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Miniature portrait of Alexander Young

Artist/Maker:
Alexander, Isaac Brownfield
Place Made:
Camden South Carolina United States of America
Date Made:
1830-1840
Medium:
watercolor on ivory
Dimensions:
HOA: 4 1/4″; WOA: 3 1/4″
Accession Number:
6010
Description:
SITTER: Alexander Young (1783-1856) was born in Fifeshire, Scotland, but had immigrated to the United States by 1799, first training with Baltimore silversmith George Graham, before moving to Camden, South Carolina. Settling in Camden with his wife Elizabeth Rowe by 1807, Young worked as both a bookseller and silversmith until his death in 1856. An experienced and skilled craftsman, Young is most famously known for the silver trowel he crafted for Lafayette to use when laying the cornerstone of the DeKalb monument in 1825. Throughout his career as a silversmith, Young occasionally took up partnerships with other silversmiths, working under the firm of Young & Veal (Columbia, SC) and A. Young & Son (with his son Edward, Columbia, SC).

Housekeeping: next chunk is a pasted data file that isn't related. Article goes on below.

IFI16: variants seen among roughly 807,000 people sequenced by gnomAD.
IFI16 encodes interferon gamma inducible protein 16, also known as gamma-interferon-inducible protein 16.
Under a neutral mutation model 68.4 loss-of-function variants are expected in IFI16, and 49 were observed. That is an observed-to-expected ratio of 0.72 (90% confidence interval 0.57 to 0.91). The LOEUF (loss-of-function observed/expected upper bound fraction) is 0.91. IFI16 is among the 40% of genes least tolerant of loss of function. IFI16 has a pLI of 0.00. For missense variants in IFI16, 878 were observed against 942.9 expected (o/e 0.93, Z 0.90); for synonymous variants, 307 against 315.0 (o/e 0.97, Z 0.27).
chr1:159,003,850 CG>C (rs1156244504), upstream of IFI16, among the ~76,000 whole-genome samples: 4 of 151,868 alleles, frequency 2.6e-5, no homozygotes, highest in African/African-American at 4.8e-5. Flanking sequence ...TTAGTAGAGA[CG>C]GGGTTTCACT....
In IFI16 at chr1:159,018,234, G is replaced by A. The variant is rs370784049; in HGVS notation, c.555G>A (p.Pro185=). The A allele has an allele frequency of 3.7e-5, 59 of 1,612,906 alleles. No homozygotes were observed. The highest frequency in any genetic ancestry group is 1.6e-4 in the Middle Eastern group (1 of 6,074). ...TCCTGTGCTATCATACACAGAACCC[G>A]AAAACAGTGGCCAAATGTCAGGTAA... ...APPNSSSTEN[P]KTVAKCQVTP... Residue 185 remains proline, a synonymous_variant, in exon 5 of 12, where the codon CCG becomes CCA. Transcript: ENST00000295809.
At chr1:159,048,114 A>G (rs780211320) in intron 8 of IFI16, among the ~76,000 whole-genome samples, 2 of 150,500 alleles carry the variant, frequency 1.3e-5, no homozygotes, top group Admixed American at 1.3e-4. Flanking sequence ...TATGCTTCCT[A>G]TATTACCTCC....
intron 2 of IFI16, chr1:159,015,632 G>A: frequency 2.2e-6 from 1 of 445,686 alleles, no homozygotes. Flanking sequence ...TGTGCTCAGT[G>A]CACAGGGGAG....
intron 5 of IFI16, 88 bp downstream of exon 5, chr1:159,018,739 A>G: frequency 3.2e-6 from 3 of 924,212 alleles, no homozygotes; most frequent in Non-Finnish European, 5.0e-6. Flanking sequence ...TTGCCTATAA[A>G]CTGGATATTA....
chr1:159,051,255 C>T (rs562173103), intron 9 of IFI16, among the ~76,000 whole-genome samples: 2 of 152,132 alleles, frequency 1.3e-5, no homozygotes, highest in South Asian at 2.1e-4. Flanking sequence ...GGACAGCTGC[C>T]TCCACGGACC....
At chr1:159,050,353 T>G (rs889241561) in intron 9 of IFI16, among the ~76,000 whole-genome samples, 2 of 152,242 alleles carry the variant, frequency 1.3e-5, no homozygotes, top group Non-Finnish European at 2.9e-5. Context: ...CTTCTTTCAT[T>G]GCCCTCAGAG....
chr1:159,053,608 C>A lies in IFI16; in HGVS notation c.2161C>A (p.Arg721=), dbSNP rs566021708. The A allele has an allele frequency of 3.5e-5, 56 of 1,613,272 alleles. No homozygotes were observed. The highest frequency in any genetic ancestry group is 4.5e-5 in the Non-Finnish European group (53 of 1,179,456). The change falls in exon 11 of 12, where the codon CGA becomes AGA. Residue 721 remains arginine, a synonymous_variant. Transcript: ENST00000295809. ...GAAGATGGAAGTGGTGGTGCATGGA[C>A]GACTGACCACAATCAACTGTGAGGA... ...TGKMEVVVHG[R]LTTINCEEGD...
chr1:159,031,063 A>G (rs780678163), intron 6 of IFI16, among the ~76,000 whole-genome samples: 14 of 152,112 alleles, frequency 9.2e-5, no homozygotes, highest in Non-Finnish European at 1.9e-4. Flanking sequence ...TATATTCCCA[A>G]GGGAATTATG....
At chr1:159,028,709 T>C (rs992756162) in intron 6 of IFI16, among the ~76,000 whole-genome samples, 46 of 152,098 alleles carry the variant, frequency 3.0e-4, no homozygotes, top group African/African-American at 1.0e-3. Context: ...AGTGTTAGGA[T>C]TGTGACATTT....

ARTIST: Isaac Brownfield Alexander (1812-1884) was born in Camden, South Carolina. His father, Dr. Isaac V. Alexander, had been educated at Princeton. Isaac Brownfield Alexander and his brother Henry Dana Ward Alexander (1810-1865) were both educated at the American Literary, Scientific, and Military Academy in Norwich, Vermont. In a miniature self-portrait on paper (MESDA Acc. 5661), the artist surrounds himself with the ephemera of a classical education.

In 1842 Alexander advertised as an artist, jeweler, and silversmith in the Camden Journal. Alexander embraced the newest technology of his day, becoming an early practitioner of photography. He opened early daguerreotype studios in Camden and Columbia, South Carolina, and in Charlotte, North Carolina. This new technology helped to eliminate the demand for portraits on ivory and democratized portraiture.

DESCRIPTION: Miniature portrait of a man with dark hair and blue eyes; he is wearing a white shirt, black cravat, black vest, and a black coat; he appears to be seated on an upholstered chair; in original hinged brown leather case.

History:
Descended in the Young family. For other items that descended in this family, see MESDA Object Database records D-33193 miniature of Edward Young (son of Alexander Young); D-33196 Lewis Miles Edgefield jar; D-33197 I. Duffel goblet and tintype of Mary L. Young (daughter of Alexander Young); and D-33207 E A Young matchbox.

This miniature portait was published in the first edition of E. Milby Burton’s “South Carolina
Silversmiths, 1690–1860” (Charleston, SC: Charleston Museum, 1942).

Credit Line:
James H. Willcox Jr. Silver Fund